Friday night, the billionaire entrepreneur Elon Musk appeared in front of a cheering and adoring audience, much like a rockstar appears on stage before performing a show, to unveil the new Model 3 Tesla. The event was to celebrate the first 30 customers (all Tesla employees) getting their Model 3's.
Early production has been slow, but Musk expects to be able to produce 20,000 Model 3 Teslas per month by December. Ramping up production is going to be brutal, Musk warned.
"We're going to go through at least six months of manufacturing hell," the Tesla CEO told a group of journalists ahead of the Model 3 event. On stage, Musk echoed the sentiment.
According to the Fremont, Calif., factory workers, Tesla is already putting its employees through a lot.
"One of the most serious issues concerns our health and safety," says a letter a group of factory workers from Tesla's main Fremont, Calif., facility submitted to the independent board members of Tesla on Monday, just three days after the Model 3 event and amid an ongoing effort to unionize.
"Accidents happen every day. Severe incidents frequently impact morale and cause delays in production. We are losing great workers who are valuable to both our production team and to their families while they spend time on medical leave, recovering from preventable injuries."
In May, California-based worker safety organization Worksafe published an extensive report after it analyzed the log of work-related injuries and illnesses at Tesla.
It found that Tesla's "total recordable incidence rate" was 8.8 percent (8.8 injuries per 100 workers) in 2015, the last full-year that data is available for. That's 31 percent more than the 6.7 percent total recordable incidence rate for the automobile industry as a whole, the report found, citing Bureau of Labor Statistics data.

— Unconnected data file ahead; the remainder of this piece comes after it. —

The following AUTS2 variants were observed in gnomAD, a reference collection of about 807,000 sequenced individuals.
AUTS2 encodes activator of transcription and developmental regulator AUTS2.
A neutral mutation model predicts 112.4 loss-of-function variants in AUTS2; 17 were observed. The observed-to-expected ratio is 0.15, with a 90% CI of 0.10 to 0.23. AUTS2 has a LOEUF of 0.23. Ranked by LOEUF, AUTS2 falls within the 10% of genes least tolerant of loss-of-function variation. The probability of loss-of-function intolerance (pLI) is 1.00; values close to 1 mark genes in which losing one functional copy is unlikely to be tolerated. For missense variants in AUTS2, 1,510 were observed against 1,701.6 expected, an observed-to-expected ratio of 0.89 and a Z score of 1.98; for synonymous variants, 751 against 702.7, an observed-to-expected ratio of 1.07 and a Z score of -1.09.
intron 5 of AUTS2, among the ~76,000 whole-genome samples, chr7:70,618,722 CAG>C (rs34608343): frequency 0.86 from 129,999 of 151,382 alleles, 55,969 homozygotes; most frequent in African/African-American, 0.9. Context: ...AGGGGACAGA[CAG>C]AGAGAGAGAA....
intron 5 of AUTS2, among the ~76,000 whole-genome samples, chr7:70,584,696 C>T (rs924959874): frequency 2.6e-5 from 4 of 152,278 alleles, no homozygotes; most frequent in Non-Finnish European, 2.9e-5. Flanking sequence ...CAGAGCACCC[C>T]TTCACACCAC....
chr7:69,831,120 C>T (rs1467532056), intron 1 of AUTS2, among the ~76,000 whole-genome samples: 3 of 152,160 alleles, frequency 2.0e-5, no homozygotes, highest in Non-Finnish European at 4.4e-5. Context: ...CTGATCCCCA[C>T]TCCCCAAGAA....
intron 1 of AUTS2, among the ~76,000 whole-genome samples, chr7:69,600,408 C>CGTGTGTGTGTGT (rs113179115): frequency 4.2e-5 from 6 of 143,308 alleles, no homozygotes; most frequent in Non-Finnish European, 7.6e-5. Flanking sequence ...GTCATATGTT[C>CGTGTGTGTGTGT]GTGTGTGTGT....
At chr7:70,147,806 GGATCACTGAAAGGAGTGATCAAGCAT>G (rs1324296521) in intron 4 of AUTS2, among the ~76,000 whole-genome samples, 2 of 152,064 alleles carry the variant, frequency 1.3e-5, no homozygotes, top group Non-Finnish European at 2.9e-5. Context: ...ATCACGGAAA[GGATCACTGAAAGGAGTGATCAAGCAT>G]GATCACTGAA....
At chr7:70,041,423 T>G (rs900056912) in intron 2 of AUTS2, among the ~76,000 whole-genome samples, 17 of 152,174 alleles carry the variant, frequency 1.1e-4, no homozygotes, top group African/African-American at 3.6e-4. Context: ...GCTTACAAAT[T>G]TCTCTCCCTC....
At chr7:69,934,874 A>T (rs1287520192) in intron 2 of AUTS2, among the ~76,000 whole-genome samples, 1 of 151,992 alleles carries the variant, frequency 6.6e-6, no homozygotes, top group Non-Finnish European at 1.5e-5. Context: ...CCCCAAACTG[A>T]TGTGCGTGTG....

That 8.8 percent injury rate is higher than the similar injury rates of both sawmills and slaughterhouses, according to the Bureau of Labor Statistics. Sawmills have an injury rate of 7.3 percent and slaughterhouses have an injury rate of 5.1 to 7.3 percent, depending on the type of processing.
The issue of worker safety at Tesla manufacturing facilities is not new. Tesla factory worker Jose Moran wrote a post on Medium in February detailing the conditions and proposing a union. "We are working hard to build the world's #1 car — not just electric, but overall. Unfortunately, however, I often feel like I am working for a company of the future under working conditions of the past," Moran wrote.
"Just as CEO Elon Musk is a respected champion for green energy and innovation, I hope he can also become a champion for his employees."
The workers say they want access to information about the dangers of the jobs they are doing, and they want a voice in the conversation about how to fix the safety issues.
Beyond safety concerns, the group wants clear guidelines on what is required to be promoted at the company. "Many of us have worked hard for years with the vague promise of a raise, to no end," the letter states.
Pay at the Fremont production facility starts at $18 per hour, which is below both the national average for auto workers ($25.58), according to The International Union, United Automobile, Aerospace and Agricultural Implement Workers of America (UAW).
"We strongly believe that a defined understanding of success and reward will have an impact on product quality," the letter says.
Additionally, the Tesla employees say they want to be free to express themselves without fear of retribution. Musk reportedly works to build a culture where employees are encouraged to speak up, specifically for safety reasons.
Yet the Tesla employees request "neutrality and non-retaliation agreements with workers, which protect workers' ability to speak freely. Such agreements help build positive relationships between management and frontline workers."
An email to Tesla seeking a response to the factory workers' letter had not been responded to by the time this story was published. However when the Los Angeles Times wrote about the safety numbers in May, Tesla acknowledged the problems and said it had made improvements to the factory conditions.
"We may have had some challenges in the past as we were learning how to become a car company, but what matters is the future," a company spokesman told the Times. "With the changes we've made, we now have the lowest injury rate in the industry by far."
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